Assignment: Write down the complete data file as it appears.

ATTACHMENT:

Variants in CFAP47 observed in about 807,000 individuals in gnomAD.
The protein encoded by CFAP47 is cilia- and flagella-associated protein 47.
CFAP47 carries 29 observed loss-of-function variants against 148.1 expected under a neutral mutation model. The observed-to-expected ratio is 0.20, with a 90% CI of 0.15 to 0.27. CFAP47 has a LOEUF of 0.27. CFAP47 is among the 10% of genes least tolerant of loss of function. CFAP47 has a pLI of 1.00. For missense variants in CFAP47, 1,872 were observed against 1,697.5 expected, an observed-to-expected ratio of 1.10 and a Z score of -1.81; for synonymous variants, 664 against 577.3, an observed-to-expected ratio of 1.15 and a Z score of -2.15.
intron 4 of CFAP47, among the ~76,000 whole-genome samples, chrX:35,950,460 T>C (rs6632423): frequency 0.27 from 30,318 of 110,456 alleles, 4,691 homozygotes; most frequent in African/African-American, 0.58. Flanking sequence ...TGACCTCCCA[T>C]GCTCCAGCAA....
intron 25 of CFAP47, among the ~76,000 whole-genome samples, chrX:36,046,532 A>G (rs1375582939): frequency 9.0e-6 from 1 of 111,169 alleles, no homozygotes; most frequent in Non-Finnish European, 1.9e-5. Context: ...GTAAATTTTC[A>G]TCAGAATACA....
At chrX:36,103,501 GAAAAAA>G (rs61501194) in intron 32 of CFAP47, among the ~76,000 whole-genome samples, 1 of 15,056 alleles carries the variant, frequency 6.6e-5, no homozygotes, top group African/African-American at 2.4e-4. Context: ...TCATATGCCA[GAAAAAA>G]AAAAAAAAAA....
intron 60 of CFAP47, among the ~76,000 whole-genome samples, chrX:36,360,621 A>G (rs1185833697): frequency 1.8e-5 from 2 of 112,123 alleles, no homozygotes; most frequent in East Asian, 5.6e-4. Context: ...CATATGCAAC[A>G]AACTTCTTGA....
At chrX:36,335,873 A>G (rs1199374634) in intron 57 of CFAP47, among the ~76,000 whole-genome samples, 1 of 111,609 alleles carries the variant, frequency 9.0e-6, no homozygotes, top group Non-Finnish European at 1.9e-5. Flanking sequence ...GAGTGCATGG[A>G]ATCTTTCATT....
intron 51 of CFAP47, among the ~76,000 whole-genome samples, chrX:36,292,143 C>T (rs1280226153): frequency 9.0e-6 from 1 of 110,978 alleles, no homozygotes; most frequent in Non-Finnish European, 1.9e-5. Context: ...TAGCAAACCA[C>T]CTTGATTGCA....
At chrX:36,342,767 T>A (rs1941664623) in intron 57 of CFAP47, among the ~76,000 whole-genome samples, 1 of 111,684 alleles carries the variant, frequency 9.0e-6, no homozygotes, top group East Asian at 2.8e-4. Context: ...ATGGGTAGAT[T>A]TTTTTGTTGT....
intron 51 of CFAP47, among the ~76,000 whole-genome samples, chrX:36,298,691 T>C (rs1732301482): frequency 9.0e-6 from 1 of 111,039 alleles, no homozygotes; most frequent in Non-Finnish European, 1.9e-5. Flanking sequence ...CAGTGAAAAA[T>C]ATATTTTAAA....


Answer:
Variants in CFAP47 observed in about 807,000 individuals in gnomAD.
The protein encoded by CFAP47 is cilia- and flagella-associated protein 47.
CFAP47 carries 29 observed loss-of-function variants against 148.1 expected under a neutral mutation model. The observed-to-expected ratio is 0.20, with a 90% CI of 0.15 to 0.27. CFAP47 has a LOEUF of 0.27. CFAP47 is among the 10% of genes least tolerant of loss of function. CFAP47 has a pLI of 1.00. For missense variants in CFAP47, 1,872 were observed against 1,697.5 expected, an observed-to-expected ratio of 1.10 and a Z score of -1.81; for synonymous variants, 664 against 577.3, an observed-to-expected ratio of 1.15 and a Z score of -2.15.
intron 4 of CFAP47, among the ~76,000 whole-genome samples, chrX:35,950,460 T>C (rs6632423): frequency 0.27 from 30,318 of 110,456 alleles, 4,691 homozygotes; most frequent in African/African-American, 0.58. Flanking sequence ...TGACCTCCCA[T>C]GCTCCAGCAA....
intron 25 of CFAP47, among the ~76,000 whole-genome samples, chrX:36,046,532 A>G (rs1375582939): frequency 9.0e-6 from 1 of 111,169 alleles, no homozygotes; most frequent in Non-Finnish European, 1.9e-5. Context: ...GTAAATTTTC[A>G]TCAGAATACA....
At chrX:36,103,501 GAAAAAA>G (rs61501194) in intron 32 of CFAP47, among the ~76,000 whole-genome samples, 1 of 15,056 alleles carries the variant, frequency 6.6e-5, no homozygotes, top group African/African-American at 2.4e-4. Context: ...TCATATGCCA[GAAAAAA>G]AAAAAAAAAA....
intron 60 of CFAP47, among the ~76,000 whole-genome samples, chrX:36,360,621 A>G (rs1185833697): frequency 1.8e-5 from 2 of 112,123 alleles, no homozygotes; most frequent in East Asian, 5.6e-4. Context: ...CATATGCAAC[A>G]AACTTCTTGA....
At chrX:36,335,873 A>G (rs1199374634) in intron 57 of CFAP47, among the ~76,000 whole-genome samples, 1 of 111,609 alleles carries the variant, frequency 9.0e-6, no homozygotes, top group Non-Finnish European at 1.9e-5. Flanking sequence ...GAGTGCATGG[A>G]ATCTTTCATT....
intron 51 of CFAP47, among the ~76,000 whole-genome samples, chrX:36,292,143 C>T (rs1280226153): frequency 9.0e-6 from 1 of 110,978 alleles, no homozygotes; most frequent in Non-Finnish European, 1.9e-5. Context: ...TAGCAAACCA[C>T]CTTGATTGCA....
At chrX:36,342,767 T>A (rs1941664623) in intron 57 of CFAP47, among the ~76,000 whole-genome samples, 1 of 111,684 alleles carries the variant, frequency 9.0e-6, no homozygotes, top group East Asian at 2.8e-4. Context: ...ATGGGTAGAT[T>A]TTTTTGTTGT....
intron 51 of CFAP47, among the ~76,000 whole-genome samples, chrX:36,298,691 T>C (rs1732301482): frequency 9.0e-6 from 1 of 111,039 alleles, no homozygotes; most frequent in Non-Finnish European, 1.9e-5. Flanking sequence ...CAGTGAAAAA[T>C]ATATTTTAAA....